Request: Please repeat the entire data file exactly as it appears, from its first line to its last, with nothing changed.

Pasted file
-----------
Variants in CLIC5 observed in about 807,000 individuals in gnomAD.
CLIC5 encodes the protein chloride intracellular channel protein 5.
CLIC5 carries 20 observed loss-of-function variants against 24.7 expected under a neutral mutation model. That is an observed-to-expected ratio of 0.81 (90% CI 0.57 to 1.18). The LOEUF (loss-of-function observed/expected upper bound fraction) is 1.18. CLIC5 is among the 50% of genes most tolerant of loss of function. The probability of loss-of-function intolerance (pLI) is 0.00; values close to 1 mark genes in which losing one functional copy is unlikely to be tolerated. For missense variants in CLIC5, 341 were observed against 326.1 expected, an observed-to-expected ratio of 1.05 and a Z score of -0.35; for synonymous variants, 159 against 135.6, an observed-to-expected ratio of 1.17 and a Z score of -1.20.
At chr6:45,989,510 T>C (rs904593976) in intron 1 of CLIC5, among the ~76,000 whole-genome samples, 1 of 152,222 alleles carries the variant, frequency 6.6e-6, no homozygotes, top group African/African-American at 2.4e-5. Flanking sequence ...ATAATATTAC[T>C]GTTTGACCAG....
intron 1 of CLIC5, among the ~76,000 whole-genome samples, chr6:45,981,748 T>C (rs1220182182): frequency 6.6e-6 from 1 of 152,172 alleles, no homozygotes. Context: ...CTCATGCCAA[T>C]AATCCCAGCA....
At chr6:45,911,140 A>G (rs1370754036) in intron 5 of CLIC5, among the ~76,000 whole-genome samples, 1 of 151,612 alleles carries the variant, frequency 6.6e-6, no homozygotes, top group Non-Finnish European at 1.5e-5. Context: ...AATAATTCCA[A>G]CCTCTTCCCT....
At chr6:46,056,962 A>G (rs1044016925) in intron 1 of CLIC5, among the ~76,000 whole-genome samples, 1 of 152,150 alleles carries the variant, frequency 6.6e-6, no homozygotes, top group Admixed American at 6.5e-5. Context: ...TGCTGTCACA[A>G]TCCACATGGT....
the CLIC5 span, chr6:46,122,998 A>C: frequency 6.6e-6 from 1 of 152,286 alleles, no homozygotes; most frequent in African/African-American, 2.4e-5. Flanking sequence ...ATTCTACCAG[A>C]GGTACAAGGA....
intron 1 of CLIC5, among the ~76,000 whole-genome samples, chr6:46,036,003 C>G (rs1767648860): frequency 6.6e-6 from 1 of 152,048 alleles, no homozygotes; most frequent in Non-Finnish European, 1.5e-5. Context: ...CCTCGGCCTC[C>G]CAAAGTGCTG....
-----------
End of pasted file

Variants in CLIC5 observed in about 807,000 individuals in gnomAD.
CLIC5 encodes the protein chloride intracellular channel protein 5.
CLIC5 carries 20 observed loss-of-function variants against 24.7 expected under a neutral mutation model. That is an observed-to-expected ratio of 0.81 (90% CI 0.57 to 1.18). The LOEUF (loss-of-function observed/expected upper bound fraction) is 1.18. CLIC5 is among the 50% of genes most tolerant of loss of function. The probability of loss-of-function intolerance (pLI) is 0.00; values close to 1 mark genes in which losing one functional copy is unlikely to be tolerated. For missense variants in CLIC5, 341 were observed against 326.1 expected, an observed-to-expected ratio of 1.05 and a Z score of -0.35; for synonymous variants, 159 against 135.6, an observed-to-expected ratio of 1.17 and a Z score of -1.20.
At chr6:45,989,510 T>C (rs904593976) in intron 1 of CLIC5, among the ~76,000 whole-genome samples, 1 of 152,222 alleles carries the variant, frequency 6.6e-6, no homozygotes, top group African/African-American at 2.4e-5. Flanking sequence ...ATAATATTAC[T>C]GTTTGACCAG....
intron 1 of CLIC5, among the ~76,000 whole-genome samples, chr6:45,981,748 T>C (rs1220182182): frequency 6.6e-6 from 1 of 152,172 alleles, no homozygotes. Context: ...CTCATGCCAA[T>C]AATCCCAGCA....
At chr6:45,911,140 A>G (rs1370754036) in intron 5 of CLIC5, among the ~76,000 whole-genome samples, 1 of 151,612 alleles carries the variant, frequency 6.6e-6, no homozygotes, top group Non-Finnish European at 1.5e-5. Context: ...AATAATTCCA[A>G]CCTCTTCCCT....
At chr6:46,056,962 A>G (rs1044016925) in intron 1 of CLIC5, among the ~76,000 whole-genome samples, 1 of 152,150 alleles carries the variant, frequency 6.6e-6, no homozygotes, top group Admixed American at 6.5e-5. Context: ...TGCTGTCACA[A>G]TCCACATGGT....
the CLIC5 span, chr6:46,122,998 A>C: frequency 6.6e-6 from 1 of 152,286 alleles, no homozygotes; most frequent in African/African-American, 2.4e-5. Flanking sequence ...ATTCTACCAG[A>C]GGTACAAGGA....
intron 1 of CLIC5, among the ~76,000 whole-genome samples, chr6:46,036,003 C>G (rs1767648860): frequency 6.6e-6 from 1 of 152,048 alleles, no homozygotes; most frequent in Non-Finnish European, 1.5e-5. Context: ...CCTCGGCCTC[C>G]CAAAGTGCTG....